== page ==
But their friends and relatives know better. They see it work every day. Bart and Roseanne fit.
For starters, Roseanne and Bart are intellectual equals. Although his background is working class, Bart is extremely bright and well read. He can hold his own with Roseanne in any discussion about politics, religion, or social issues. Bart can’t have these kinds of discussions with his parents or siblings, so he appreciates Roseanne’s erudition and worldliness.
Roseanne equally appreciates the great stability that Bart brings to the marriage. His repair shop earns a good, consistent profit. Also, no matter how chaotic things get in the ER, and no matter how crazy Roseanne’s own day gets, Rosanne knows that Bart will be in the shop, keeping his regular hours.
I’m also told that, romantically, things get especially interesting. Roseanne relaxes and discards her veneer of professionalism, and Bart reads classic love poems to her.
So next time you go out on a date or are having doubts about your relationship, think about the fit.
Conflict is a natural part of any intimate relationship. Yet most couples either avoid it or try to smooth over their differences. This results in at least one partner compromising their integrity—and stunting their own growth. Gritty, often irreverent, and always practical, Rock the Boat challenges couples not to flee from conflicts, because the emotional stalemate that conflicts produce creates an opportunity for profound transformation. This transformation affirms each partner’s individuality while forging a more mature intimacy, a greater trust, and a deeper bond.
Rock the Boat challenges the idea that conflict between partners is unhealthy or something to avoid. Instead, it encourages both people to stand by what they need and who they are—but to do so with compassion rather than competitiveness or vengefulness. This is the purpose of an intimate relationship: to create an atmosphere where both people learn to grow up and mature in their relationship by appreciating each other’s individual needs in a caring and mature way.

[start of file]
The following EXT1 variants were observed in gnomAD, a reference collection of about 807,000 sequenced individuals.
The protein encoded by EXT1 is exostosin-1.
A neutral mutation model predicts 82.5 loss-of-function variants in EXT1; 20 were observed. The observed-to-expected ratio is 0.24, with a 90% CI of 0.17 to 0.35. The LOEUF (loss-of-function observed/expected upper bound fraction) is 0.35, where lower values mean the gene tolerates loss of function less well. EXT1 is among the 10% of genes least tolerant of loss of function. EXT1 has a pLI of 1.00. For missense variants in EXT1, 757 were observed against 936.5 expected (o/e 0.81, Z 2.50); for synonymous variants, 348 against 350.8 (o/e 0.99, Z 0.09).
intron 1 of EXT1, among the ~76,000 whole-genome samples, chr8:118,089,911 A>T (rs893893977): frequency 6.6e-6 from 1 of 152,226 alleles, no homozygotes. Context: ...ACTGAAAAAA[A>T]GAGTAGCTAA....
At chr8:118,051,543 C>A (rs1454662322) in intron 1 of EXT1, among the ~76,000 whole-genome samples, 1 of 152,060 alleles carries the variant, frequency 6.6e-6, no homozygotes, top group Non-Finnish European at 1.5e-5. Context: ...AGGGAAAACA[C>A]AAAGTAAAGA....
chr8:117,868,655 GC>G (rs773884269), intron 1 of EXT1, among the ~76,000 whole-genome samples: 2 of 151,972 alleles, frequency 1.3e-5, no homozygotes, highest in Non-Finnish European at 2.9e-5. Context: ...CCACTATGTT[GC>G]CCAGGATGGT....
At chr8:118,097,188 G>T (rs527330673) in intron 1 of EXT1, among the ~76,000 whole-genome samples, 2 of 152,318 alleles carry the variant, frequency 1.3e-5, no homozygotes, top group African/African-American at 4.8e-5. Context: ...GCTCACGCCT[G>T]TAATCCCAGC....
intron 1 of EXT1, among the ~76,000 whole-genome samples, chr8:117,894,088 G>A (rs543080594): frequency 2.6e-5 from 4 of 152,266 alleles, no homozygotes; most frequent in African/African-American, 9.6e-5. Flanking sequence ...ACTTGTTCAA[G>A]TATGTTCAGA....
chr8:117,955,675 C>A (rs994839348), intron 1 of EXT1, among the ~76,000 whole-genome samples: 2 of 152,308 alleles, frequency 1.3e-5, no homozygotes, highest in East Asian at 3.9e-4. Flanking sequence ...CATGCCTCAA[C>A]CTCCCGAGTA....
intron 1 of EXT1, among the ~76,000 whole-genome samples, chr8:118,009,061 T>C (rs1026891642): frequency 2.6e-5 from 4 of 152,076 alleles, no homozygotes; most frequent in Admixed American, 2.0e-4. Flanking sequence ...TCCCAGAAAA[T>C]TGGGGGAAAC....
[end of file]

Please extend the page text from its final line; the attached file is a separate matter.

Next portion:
Author Resmaa Menakem, a licensed clinical social worker specializing in couples therapy, addresses key factors in making this happen, including accepting discomfort and uncertainty; honesty and openness about sex, money, kids, and in-laws; recognizing when conflict might escalate into violence or abuse; and, when appropriate, finding and working with a good therapist.
Rock the Boat is not about ideals, or what we hope or imagine relationships to be. It's an honest, unflinching look at what actually works.
Resmaa Menakem, MSW, LICSW, is a licensed clinical social worker specializing in couples therapy and domestic violence prevention. He has served as the director of counseling services for Tubman Family Alliance, a domestic violence treatment center, and as the behavioral health director for African American Family Services in Minneapolis. He is a former radio talk-show host who has appeared on Oprah and Dr. Phil as an expert on domestic violence and couples in conflict. From 2011 to 2013, Resmaa was a family counselor for civilian contractors in Afghanistan, managing the wellness and counseling services on fifty-three U.S. military bases.